Police chief reflects on force's transformation
Police chief reflects on force's transformation
By K.C. MYERS
Jan. 23, 2018
BREWSTER, Mass. (AP) — Police Chief Richard Koch Jr. jokes that if he had a retirement party, it would fit in a phone booth.
Koch, who will retire Feb. 1, is not sure many people would want to celebrate his tenure because he has not always been Mr. Nice Guy.
This is the chief, for example, who shut down Sparky's Hayrides, a nightly sunset ride drawn by an antique John Deere tractor that has been beloved by kids of all ages for 30 years. This past summer Koch was researching the concept of satellite parking with use of Sparky's hay wagon when he came up a law clearly stating it is illegal to pull people in trailers - except in parades, because the roads on the parade routes are temporarily closed.
"I still feel bad," said Koch, shaking his head sadly at his Sparky crackdown, which caused a public outcry and led to a bill to change the state law regarding trailer rides. But Koch stuck to his decision.
"Chief Koch is always going to do the right thing, regardless of who is involved, regardless of who is watching and regardless of what is politically correct or not," said Rodney Collins, former Mashpee police chief turned town manager. "When you're in that position, you have to have mental toughness to consistently do the right thing. I know I always respected that in him."
Or, as Koch's sister Linda Bowes, of Quincy, said: "He has the most integrity of anyone I know."
The chief does not tolerate bad behavior among police officers. In 2009, a Brewster officer allegedly urinated on a fellow concertgoer during a Metallica concert in Boston. Koch made it clear as soon as he heard about the incident that, if it was true, he wanted the man off the force, said Charles Sumner, recently retired Brewster town administrator.
The Brewster selectmen fired the officer, and he admitted to sufficient facts to charges of assault and indecent exposure. The charges were continued without a finding, according to court documents.
"Dick is crazily focused on the responsibility that comes with the police's power to restrict civil liberties," Sumner said.
Koch was hired 30 years ago as a police officer and became chief in 2006. He immediately put the department through the accreditation process, Sumner said.
Recently, Koch persuaded town meeting voters to buy dashboard cameras for the department's police cruisers before any other department on the Cape except the Cape Cod National Seashore. He said at the time he wanted the behavior of his officers to be transparent.
There is such a spotlight on police, Koch said, it sometimes prompts officers to become a clique, to hang out only with other cops. Rates of alcoholism, divorce and suicide tend to be higher among police than in other professions, he added. The willingness of police to police themselves is critical, Collins said. When a police officer does something criminal, that behavior starts somewhere, but it would never flourish in a department run by Koch, Collins said.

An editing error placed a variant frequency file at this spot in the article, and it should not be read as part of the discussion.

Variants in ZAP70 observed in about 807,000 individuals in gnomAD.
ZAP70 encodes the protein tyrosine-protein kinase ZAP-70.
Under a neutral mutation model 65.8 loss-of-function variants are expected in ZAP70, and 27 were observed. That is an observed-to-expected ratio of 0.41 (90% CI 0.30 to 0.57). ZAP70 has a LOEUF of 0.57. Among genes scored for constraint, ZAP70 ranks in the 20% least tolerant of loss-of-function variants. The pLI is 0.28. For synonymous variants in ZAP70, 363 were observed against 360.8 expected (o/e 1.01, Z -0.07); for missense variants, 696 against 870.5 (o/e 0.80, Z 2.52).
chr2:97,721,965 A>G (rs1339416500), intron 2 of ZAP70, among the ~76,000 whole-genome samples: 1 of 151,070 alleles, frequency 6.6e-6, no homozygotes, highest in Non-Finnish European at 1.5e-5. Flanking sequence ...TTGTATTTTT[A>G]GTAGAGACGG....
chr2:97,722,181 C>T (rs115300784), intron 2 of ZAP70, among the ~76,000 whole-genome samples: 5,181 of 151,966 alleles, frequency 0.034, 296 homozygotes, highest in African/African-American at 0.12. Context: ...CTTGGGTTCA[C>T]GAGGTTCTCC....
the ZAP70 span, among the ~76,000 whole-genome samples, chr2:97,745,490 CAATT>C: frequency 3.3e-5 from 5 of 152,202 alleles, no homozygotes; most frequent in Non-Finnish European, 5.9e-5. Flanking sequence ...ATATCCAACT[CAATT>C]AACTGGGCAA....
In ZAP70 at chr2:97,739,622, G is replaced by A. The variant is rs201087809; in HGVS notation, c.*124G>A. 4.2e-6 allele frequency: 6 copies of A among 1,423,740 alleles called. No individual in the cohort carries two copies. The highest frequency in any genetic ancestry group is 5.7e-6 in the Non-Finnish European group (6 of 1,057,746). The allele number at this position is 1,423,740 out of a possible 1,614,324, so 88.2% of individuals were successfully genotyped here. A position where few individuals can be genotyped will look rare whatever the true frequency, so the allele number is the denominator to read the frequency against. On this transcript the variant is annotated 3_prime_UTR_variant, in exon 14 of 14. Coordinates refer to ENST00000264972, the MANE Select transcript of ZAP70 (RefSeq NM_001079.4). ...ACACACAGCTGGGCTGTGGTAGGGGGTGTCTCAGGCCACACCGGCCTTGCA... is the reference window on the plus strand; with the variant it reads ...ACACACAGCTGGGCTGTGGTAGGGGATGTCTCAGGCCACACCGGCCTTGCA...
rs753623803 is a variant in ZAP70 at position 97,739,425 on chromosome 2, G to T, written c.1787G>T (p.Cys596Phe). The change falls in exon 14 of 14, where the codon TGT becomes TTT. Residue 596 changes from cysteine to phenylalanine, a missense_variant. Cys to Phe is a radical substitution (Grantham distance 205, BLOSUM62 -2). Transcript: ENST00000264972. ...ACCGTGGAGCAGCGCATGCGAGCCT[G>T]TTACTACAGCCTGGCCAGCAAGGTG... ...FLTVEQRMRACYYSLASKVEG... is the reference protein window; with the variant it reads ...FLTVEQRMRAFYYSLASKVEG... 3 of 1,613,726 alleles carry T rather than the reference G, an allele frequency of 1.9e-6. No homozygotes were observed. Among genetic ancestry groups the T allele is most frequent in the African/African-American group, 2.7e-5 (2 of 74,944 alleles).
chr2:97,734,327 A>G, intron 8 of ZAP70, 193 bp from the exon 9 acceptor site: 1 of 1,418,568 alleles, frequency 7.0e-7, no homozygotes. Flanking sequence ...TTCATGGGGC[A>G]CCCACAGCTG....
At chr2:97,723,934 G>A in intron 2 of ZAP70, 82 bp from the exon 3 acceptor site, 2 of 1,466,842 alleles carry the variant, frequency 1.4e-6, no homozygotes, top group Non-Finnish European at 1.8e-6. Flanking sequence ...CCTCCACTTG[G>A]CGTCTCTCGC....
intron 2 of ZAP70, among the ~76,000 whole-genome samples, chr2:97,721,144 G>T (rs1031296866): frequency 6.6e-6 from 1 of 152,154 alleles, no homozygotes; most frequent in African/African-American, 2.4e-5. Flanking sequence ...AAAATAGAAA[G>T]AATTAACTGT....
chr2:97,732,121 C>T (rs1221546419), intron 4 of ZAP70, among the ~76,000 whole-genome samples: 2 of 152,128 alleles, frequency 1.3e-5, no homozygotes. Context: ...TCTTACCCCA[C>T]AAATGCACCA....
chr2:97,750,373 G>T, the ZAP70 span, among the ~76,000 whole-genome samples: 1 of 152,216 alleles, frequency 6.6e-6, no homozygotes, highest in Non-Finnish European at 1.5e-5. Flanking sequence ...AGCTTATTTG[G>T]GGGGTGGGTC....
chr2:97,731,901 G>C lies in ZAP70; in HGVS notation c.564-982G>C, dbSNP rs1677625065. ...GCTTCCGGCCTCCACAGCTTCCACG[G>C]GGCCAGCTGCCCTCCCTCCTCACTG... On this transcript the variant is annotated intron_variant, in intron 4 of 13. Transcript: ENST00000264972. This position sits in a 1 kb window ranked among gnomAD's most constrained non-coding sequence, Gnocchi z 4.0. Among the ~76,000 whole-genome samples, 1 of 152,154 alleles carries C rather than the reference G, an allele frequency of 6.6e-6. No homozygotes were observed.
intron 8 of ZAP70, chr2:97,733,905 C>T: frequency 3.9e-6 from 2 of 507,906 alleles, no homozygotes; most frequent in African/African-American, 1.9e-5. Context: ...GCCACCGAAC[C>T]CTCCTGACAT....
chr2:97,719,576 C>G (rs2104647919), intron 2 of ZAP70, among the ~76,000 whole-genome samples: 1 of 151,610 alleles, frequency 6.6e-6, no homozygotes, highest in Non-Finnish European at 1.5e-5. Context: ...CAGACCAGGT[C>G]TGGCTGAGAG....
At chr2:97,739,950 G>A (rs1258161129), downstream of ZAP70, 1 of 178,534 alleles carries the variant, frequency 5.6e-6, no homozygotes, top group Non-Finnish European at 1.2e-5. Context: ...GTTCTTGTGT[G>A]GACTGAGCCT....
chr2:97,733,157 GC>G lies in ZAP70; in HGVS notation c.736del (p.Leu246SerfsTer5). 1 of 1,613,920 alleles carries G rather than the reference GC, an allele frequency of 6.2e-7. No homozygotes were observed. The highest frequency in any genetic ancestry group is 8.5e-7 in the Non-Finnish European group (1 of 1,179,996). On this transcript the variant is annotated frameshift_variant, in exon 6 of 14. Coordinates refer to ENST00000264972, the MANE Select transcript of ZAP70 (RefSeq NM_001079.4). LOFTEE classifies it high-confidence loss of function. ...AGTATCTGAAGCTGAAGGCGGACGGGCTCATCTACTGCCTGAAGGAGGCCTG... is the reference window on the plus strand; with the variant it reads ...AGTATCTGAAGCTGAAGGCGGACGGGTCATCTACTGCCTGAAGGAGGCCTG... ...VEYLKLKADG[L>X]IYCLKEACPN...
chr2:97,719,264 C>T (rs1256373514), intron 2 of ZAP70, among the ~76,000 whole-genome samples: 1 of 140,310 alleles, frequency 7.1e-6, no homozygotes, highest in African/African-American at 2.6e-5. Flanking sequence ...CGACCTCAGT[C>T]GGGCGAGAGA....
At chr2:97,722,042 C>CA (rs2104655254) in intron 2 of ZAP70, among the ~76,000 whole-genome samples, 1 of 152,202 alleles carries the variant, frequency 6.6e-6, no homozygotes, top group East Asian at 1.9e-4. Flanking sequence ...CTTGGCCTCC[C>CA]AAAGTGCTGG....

Koch has always seen his duties as chief as beyond law enforcement itself. He has been involved in other town affairs, Sumner said.
Koch came up with the idea of adding nearly 100 parking spaces at Crosby Lane to answer the public desire for more beach parking in a town made up of small landings with painfully few parking spots, Sumner said. He was part of every level of discussion and planning about the town's infrastructure repair, a process that involved surveying more than 100 roads and getting a $10 million override passed, Sumner said.
"He lives in Brewster, he loves Brewster and he's a son of Brewster," Sumner said.
That may be a stretch for the people of Quincy, where Koch was raised the second of seven children in a renowned family. His younger brother, Thomas, is now the city's mayor. His father, Richard Koch, worked as a milkman until he became the longtime head of the city's Parks Department. Their father was a "go-to guy," said Thomas Koch.
In the 1950s, the elder Koch founded the Koch Club, a sports program for children who did not make school athletic teams. He started the Quincy Flag Day Parade, which today is the largest Flag Day parade in New England, Bowes said.
The future Brewster chief served from 1981 to 1987 on the Quincy City Council. He was a top vote-getter twice, said his brother. Many urged him to run for mayor, Bowes said.
"He quite possibly could have been mayor, and I never would have been," Thomas Koch said. "His move (to Brewster) changed both of our lives."
Koch always wanted to be a police officer because the police have the ability to quickly right a wrong.
"When you know something is going on that is negatively affecting people in your community and you can fix that, it's gratifying as hell," Koch said.
Off duty, Koch is just as active helping people, according to family and friends.
When Bowes' husband was diagnosed with Alzheimer's disease, Koch helped her more than anyone else, even though most of their siblings live nearby, she said.
When their mother, who has since died, moved into a sister's home, Koch drove up to Quincy and reorganized the house. By the time other family members arrived to help, it was all done.
"That's the way he is to everybody," Bowes said. "He is strong for everybody."
Koch is private and not prone to showy displays of affection. He has insisted he wants no retirement party. Sumner, who enjoyed several parties for his own retirement, planned nothing out of respect for Koch's wishes.
But others were not easy to sway. Koch said his wife, Nancy, to whom he has been married for 39 years, was on the phone with family members the other night, and the upshot was there would be a party. No details yet, Koch said Thursday.
But it probably won't be in a phone booth.
Information from: Cape Cod (Mass.) Times, http://www.capecodtimes.com